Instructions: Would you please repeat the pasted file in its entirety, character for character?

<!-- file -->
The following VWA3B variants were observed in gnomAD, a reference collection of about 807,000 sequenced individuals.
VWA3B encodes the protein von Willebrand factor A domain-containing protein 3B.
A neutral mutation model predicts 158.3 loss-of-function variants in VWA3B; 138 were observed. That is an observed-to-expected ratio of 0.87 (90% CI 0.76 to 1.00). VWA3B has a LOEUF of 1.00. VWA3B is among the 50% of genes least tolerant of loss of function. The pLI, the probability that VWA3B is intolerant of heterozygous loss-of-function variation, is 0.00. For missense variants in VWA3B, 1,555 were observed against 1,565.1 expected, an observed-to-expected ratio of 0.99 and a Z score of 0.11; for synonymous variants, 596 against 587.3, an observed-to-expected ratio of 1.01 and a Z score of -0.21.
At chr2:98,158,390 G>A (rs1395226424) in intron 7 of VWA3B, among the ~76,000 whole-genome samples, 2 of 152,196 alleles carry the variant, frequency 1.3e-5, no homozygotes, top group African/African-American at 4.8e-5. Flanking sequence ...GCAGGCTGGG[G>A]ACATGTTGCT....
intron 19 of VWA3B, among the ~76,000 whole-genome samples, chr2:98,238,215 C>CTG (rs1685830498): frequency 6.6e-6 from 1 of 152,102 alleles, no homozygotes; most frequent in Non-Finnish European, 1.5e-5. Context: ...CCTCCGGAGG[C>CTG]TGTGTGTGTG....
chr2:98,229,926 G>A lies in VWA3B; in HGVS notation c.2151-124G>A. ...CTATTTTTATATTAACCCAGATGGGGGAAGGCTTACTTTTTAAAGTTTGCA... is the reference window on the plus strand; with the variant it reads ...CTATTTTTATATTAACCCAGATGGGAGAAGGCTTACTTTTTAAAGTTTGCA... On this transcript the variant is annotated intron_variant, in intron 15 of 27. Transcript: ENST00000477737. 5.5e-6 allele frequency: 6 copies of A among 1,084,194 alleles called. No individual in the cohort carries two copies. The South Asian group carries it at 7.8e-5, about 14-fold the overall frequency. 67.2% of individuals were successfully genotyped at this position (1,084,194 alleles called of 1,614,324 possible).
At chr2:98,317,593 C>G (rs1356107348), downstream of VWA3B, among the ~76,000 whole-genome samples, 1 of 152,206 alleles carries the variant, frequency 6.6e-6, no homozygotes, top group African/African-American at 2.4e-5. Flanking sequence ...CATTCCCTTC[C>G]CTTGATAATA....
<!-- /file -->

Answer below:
The following VWA3B variants were observed in gnomAD, a reference collection of about 807,000 sequenced individuals.
VWA3B encodes the protein von Willebrand factor A domain-containing protein 3B.
A neutral mutation model predicts 158.3 loss-of-function variants in VWA3B; 138 were observed. That is an observed-to-expected ratio of 0.87 (90% CI 0.76 to 1.00). VWA3B has a LOEUF of 1.00. VWA3B is among the 50% of genes least tolerant of loss of function. The pLI, the probability that VWA3B is intolerant of heterozygous loss-of-function variation, is 0.00. For missense variants in VWA3B, 1,555 were observed against 1,565.1 expected, an observed-to-expected ratio of 0.99 and a Z score of 0.11; for synonymous variants, 596 against 587.3, an observed-to-expected ratio of 1.01 and a Z score of -0.21.
At chr2:98,158,390 G>A (rs1395226424) in intron 7 of VWA3B, among the ~76,000 whole-genome samples, 2 of 152,196 alleles carry the variant, frequency 1.3e-5, no homozygotes, top group African/African-American at 4.8e-5. Flanking sequence ...GCAGGCTGGG[G>A]ACATGTTGCT....
intron 19 of VWA3B, among the ~76,000 whole-genome samples, chr2:98,238,215 C>CTG (rs1685830498): frequency 6.6e-6 from 1 of 152,102 alleles, no homozygotes; most frequent in Non-Finnish European, 1.5e-5. Context: ...CCTCCGGAGG[C>CTG]TGTGTGTGTG....
chr2:98,229,926 G>A lies in VWA3B; in HGVS notation c.2151-124G>A. ...CTATTTTTATATTAACCCAGATGGGGGAAGGCTTACTTTTTAAAGTTTGCA... is the reference window on the plus strand; with the variant it reads ...CTATTTTTATATTAACCCAGATGGGAGAAGGCTTACTTTTTAAAGTTTGCA... On this transcript the variant is annotated intron_variant, in intron 15 of 27. Transcript: ENST00000477737. 5.5e-6 allele frequency: 6 copies of A among 1,084,194 alleles called. No individual in the cohort carries two copies. The South Asian group carries it at 7.8e-5, about 14-fold the overall frequency. 67.2% of individuals were successfully genotyped at this position (1,084,194 alleles called of 1,614,324 possible).
At chr2:98,317,593 C>G (rs1356107348), downstream of VWA3B, among the ~76,000 whole-genome samples, 1 of 152,206 alleles carries the variant, frequency 6.6e-6, no homozygotes, top group African/African-American at 2.4e-5. Flanking sequence ...CATTCCCTTC[C>G]CTTGATAATA....